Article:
Prussian Blue

When you experience something that seems to defy classification, you tend to experience it in a more vivid, more visceral fashion.  The more you struggle to find a suitable narrative to explain it, the more deeply involved you become.

What’s more, whatever you experience in this manner, tends to touch you and stay with you in a way that other, more intellectually mediated, experiences do not.

Recently I saw Nigel Rolfe do a performance piece called European Dream at the Green on Red Gallery, in Dublin.

Imagine this…

You walk into a darkened gallery, where people are milling around in the gloom, you immediately begin to feel slightly uncomfortable.

From loudspeakers, somewhere in the back of the space, you can hear distorted military music. Every so often you hear the sound of a hand slapping flesh.

After a few minutes you start to get your bearings. You begin to see that there are projections on three of the walls.

The wall in front of you features an image of what looks like a prison cell… except it is too large to be a cell., and there are strange bluish stains on the walls. Perhaps this is some kind of interrogation room… or worse, some kind of torture chamber… the image is somehow reminiscent of images of Abu Gharaib.

Suddenly you hear that slapping sound again, and you turn to see that, to the left of the wall featuring the large prison cell, is the image of a huge pair of hands. Blue powder is sifted from one hand to the other, until every so often the top hand slams down on the lower one, creating a gaseous explosion of blue pigment.

In contrast, on the wall to the right, is the image of another hand covered in gold leaf, this hand does nothing more than open and close majestically. In front of the central projection is a small desk, chair and desk lamp… perhaps an interrogation is going to take place? At this point the artist enters. He is a tall, imposing figure. His head is shaven and he wears a white shirt and black trousers. He sits at the desk and pulling up a shirt sleeve, begins to lift slivers of gold leaf and apply them carefully onto his hand. After ten minutes the hand is completely covered. This is the image projected on the left. He then carefully empties a bowl of blue pigment onto the table. Leaning forward on the table he looks around him at the audience in the darkness. Suddenly he plunges his face into the pigment…and rolls his head around on the desk.

Eventually he he pulls himself erect, and with his knuckles still on the desktop, once again he looks at the audience, one by one with a look of sheer malevolence.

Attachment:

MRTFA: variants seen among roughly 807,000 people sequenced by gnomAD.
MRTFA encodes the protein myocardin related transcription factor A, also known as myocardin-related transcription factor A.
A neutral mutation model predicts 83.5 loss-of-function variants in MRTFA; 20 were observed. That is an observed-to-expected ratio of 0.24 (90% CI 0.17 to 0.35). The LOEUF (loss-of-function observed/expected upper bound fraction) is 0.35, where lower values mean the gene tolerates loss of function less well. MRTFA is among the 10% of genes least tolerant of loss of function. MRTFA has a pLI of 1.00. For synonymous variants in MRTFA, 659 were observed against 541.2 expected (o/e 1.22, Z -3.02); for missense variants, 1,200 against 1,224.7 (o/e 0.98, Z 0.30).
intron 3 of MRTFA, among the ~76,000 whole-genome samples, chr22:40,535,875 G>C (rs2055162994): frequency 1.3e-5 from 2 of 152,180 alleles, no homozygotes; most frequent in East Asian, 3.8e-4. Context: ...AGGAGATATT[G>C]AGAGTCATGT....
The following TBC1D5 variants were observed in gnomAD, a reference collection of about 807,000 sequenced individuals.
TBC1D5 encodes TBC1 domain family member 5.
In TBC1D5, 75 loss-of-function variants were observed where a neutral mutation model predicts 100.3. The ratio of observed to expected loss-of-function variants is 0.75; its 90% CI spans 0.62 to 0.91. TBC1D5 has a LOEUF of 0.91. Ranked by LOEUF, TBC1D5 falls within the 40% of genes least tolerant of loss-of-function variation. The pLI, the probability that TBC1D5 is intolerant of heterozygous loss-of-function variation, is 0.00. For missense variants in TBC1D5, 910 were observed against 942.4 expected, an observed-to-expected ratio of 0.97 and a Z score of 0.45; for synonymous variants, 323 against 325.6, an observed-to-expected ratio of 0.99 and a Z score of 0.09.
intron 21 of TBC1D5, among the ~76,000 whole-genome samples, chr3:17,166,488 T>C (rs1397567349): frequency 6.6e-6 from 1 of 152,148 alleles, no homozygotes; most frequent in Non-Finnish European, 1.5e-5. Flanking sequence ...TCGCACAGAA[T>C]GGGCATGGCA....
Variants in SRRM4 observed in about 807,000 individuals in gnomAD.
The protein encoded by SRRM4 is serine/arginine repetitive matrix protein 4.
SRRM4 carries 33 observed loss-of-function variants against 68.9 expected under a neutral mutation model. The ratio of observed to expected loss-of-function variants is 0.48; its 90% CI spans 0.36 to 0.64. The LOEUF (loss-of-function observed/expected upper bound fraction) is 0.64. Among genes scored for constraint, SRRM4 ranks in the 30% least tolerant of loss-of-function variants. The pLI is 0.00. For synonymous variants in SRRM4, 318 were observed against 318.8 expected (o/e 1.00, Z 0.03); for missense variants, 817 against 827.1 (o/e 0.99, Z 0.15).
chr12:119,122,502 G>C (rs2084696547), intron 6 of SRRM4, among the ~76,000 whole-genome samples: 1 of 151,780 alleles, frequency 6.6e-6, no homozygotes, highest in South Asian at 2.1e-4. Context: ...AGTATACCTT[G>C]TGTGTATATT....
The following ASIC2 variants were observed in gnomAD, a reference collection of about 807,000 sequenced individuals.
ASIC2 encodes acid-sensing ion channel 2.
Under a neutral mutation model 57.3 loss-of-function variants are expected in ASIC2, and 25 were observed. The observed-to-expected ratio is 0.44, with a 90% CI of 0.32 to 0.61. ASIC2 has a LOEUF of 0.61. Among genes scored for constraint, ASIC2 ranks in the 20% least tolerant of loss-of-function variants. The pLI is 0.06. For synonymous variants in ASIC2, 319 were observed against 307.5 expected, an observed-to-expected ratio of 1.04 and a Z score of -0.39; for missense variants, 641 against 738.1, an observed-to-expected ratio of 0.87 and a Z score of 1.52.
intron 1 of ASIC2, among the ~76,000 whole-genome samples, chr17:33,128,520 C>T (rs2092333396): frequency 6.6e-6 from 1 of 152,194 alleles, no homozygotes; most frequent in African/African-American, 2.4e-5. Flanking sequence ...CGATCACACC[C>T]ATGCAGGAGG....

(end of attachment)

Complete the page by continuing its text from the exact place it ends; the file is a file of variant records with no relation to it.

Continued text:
The effect is staggering, without quite knowing why, you feel that you are staring evil right in the face.

Your mind is working overtime, as you try and figure out what is happening at which point, Nigel Rolfe steps forward into the crowd, and urgently explains that the room behind him is one in which, in less than 24 hours, on November 3, 1943 over 18,400 Jews were killed with Cyanide gas.

Choking back the tears, which begin to run through the blue pigment on his face, he explains how gold was extracted from the bodies, and how the strange blue marks on the walls of the chamber were from the use of Prussic acid, otherwise known as Zyclon B or cyanide… in some kind of gruesome historical irony, this is the same ingredient used in the pigment that artists  call “Prussian Blue”…

It is clear that the performance has taken its toll on Nigel Rolfe, in tears he leaves the stage. The audience applaud, but are all clearly in a state of shock.

It is one thing to know something intellectually. It is quite another to feel it emotionally.

By Mike Garner

A highly experienced creative practitioner, Mike Garner is also a strong creative leader with a deep understanding of the effective use of creativity in all aspects of communication.

With widely recognised creative abilities, combined with a practical understanding of commercial requirements, Mike has an exceptional track record in helping start up and grow a number of highly successful creative businesses.

Over the past thirty years, Mike has played a key role in establishing and building three separate (and creatively and financially successful) creative agencies from scratch. These are: Saatch&Saatchi/Equator (1991), OgilvyOne Worldwide (1993) and Chemistry (1999)

One of the most highly awarded creatives in Ireland, Mike has won a vast number of national and international advertising awards, including Cannes, D&AD, The One Show, and ICAD as well as awards in more specialist disciplines such as sponsorship, direct response and direct mail.

With a strong set of practical craft skills that include, art direction, print design, packaging design, typography, copywriting, photography and film direction, Mike is a keen believer in leadership by example, and is happy to getting involved in any aspect of the creative process

Unusually, for someone with such a strong creative reputation, Mike also has formidable strategic planning skills. Having developed and implemented many highly successful strategic planning solutions for a wide variety of brands, he has also he has won two ADFX Advertising Effectiveness awards. (Including Gold, Silver and Bronze for Lidl at ADFX 2018).

Mike has always been a champion of a highly integrated approach to communications, at all times arguing for an active role for the brand, and always placing the consumer at the centre of things. With his diverse skill set, Mike provides the link between initial research, insight and strategy, right through to concept and final execution.

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